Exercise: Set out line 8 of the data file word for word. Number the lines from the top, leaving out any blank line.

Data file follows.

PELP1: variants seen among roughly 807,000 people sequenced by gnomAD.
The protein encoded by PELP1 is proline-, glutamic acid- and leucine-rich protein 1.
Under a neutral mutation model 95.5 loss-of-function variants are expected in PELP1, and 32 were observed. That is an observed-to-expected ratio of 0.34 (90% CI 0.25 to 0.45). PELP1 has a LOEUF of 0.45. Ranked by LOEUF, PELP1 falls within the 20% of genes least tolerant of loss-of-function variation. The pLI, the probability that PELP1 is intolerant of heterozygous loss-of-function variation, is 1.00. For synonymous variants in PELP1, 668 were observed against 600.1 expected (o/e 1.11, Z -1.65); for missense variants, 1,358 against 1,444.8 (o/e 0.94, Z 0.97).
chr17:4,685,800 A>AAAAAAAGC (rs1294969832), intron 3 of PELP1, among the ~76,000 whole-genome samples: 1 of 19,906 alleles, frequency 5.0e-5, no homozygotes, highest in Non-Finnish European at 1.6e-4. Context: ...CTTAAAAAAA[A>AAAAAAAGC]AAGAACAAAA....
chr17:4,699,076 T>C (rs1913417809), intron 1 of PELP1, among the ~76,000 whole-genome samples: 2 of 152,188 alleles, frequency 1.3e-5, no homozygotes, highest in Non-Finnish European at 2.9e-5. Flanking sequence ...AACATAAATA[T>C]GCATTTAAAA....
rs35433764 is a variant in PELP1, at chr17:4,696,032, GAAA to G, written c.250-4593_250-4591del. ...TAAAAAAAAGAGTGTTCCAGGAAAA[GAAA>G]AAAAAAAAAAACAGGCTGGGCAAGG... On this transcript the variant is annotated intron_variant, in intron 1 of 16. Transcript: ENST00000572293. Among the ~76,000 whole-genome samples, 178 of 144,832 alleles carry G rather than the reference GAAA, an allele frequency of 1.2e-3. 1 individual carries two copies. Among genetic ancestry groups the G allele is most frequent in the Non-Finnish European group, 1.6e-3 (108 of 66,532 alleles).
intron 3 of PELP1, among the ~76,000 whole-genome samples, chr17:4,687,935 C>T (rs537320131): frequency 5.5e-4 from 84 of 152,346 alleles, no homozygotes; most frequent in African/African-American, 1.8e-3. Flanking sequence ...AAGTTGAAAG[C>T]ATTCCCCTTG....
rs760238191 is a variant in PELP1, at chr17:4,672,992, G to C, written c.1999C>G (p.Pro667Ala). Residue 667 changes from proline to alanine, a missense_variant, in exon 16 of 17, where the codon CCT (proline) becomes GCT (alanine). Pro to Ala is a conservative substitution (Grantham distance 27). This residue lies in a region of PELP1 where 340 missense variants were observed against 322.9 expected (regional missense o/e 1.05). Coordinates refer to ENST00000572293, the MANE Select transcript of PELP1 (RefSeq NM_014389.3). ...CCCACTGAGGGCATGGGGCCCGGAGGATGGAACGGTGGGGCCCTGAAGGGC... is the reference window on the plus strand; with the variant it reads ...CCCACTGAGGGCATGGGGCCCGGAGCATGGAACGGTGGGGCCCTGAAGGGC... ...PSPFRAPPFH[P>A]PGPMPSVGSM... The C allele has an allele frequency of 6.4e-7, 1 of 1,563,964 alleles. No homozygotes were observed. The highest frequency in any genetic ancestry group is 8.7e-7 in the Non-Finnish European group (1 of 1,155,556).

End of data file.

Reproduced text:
rs760238191 is a variant in PELP1, at chr17:4,672,992, G to C, written c.1999C>G (p.Pro667Ala). Residue 667 changes from proline to alanine, a missense_variant, in exon 16 of 17, where the codon CCT (proline) becomes GCT (alanine). Pro to Ala is a conservative substitution (Grantham distance 27). This residue lies in a region of PELP1 where 340 missense variants were observed against 322.9 expected (regional missense o/e 1.05). Coordinates refer to ENST00000572293, the MANE Select transcript of PELP1 (RefSeq NM_014389.3). ...CCCACTGAGGGCATGGGGCCCGGAGGATGGAACGGTGGGGCCCTGAAGGGC... is the reference window on the plus strand; with the variant it reads ...CCCACTGAGGGCATGGGGCCCGGAGCATGGAACGGTGGGGCCCTGAAGGGC... ...PSPFRAPPFH[P>A]PGPMPSVGSM... The C allele has an allele frequency of 6.4e-7, 1 of 1,563,964 alleles. No homozygotes were observed. The highest frequency in any genetic ancestry group is 8.7e-7 in the Non-Finnish European group (1 of 1,155,556).